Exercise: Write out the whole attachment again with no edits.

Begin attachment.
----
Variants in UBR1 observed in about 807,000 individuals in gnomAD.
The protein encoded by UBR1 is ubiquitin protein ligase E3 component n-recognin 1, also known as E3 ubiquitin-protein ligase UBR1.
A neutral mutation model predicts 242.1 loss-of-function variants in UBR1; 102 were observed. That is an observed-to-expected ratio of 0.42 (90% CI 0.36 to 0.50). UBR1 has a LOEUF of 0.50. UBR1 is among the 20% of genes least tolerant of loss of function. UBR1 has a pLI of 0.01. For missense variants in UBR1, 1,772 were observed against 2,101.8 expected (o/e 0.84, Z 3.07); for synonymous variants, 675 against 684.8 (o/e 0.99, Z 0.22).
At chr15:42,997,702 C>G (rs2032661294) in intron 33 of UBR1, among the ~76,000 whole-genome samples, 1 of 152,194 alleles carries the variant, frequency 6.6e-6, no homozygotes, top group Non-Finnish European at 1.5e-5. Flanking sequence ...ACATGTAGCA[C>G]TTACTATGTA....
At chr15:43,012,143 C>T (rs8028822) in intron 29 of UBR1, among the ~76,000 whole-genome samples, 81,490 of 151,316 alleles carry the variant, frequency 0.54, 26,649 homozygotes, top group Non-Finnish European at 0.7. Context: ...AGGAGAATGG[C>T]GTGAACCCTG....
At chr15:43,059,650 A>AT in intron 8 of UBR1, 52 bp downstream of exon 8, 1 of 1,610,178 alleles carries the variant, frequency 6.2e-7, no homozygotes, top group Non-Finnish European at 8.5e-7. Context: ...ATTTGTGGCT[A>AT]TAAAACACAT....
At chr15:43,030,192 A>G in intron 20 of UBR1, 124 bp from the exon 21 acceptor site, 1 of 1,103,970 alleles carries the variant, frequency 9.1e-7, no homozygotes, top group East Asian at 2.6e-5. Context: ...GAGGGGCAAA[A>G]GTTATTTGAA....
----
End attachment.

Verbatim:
Variants in UBR1 observed in about 807,000 individuals in gnomAD.
The protein encoded by UBR1 is ubiquitin protein ligase E3 component n-recognin 1, also known as E3 ubiquitin-protein ligase UBR1.
A neutral mutation model predicts 242.1 loss-of-function variants in UBR1; 102 were observed. That is an observed-to-expected ratio of 0.42 (90% CI 0.36 to 0.50). UBR1 has a LOEUF of 0.50. UBR1 is among the 20% of genes least tolerant of loss of function. UBR1 has a pLI of 0.01. For missense variants in UBR1, 1,772 were observed against 2,101.8 expected (o/e 0.84, Z 3.07); for synonymous variants, 675 against 684.8 (o/e 0.99, Z 0.22).
At chr15:42,997,702 C>G (rs2032661294) in intron 33 of UBR1, among the ~76,000 whole-genome samples, 1 of 152,194 alleles carries the variant, frequency 6.6e-6, no homozygotes, top group Non-Finnish European at 1.5e-5. Flanking sequence ...ACATGTAGCA[C>G]TTACTATGTA....
At chr15:43,012,143 C>T (rs8028822) in intron 29 of UBR1, among the ~76,000 whole-genome samples, 81,490 of 151,316 alleles carry the variant, frequency 0.54, 26,649 homozygotes, top group Non-Finnish European at 0.7. Context: ...AGGAGAATGG[C>T]GTGAACCCTG....
At chr15:43,059,650 A>AT in intron 8 of UBR1, 52 bp downstream of exon 8, 1 of 1,610,178 alleles carries the variant, frequency 6.2e-7, no homozygotes, top group Non-Finnish European at 8.5e-7. Context: ...ATTTGTGGCT[A>AT]TAAAACACAT....
At chr15:43,030,192 A>G in intron 20 of UBR1, 124 bp from the exon 21 acceptor site, 1 of 1,103,970 alleles carries the variant, frequency 9.1e-7, no homozygotes, top group East Asian at 2.6e-5. Context: ...GAGGGGCAAA[A>G]GTTATTTGAA....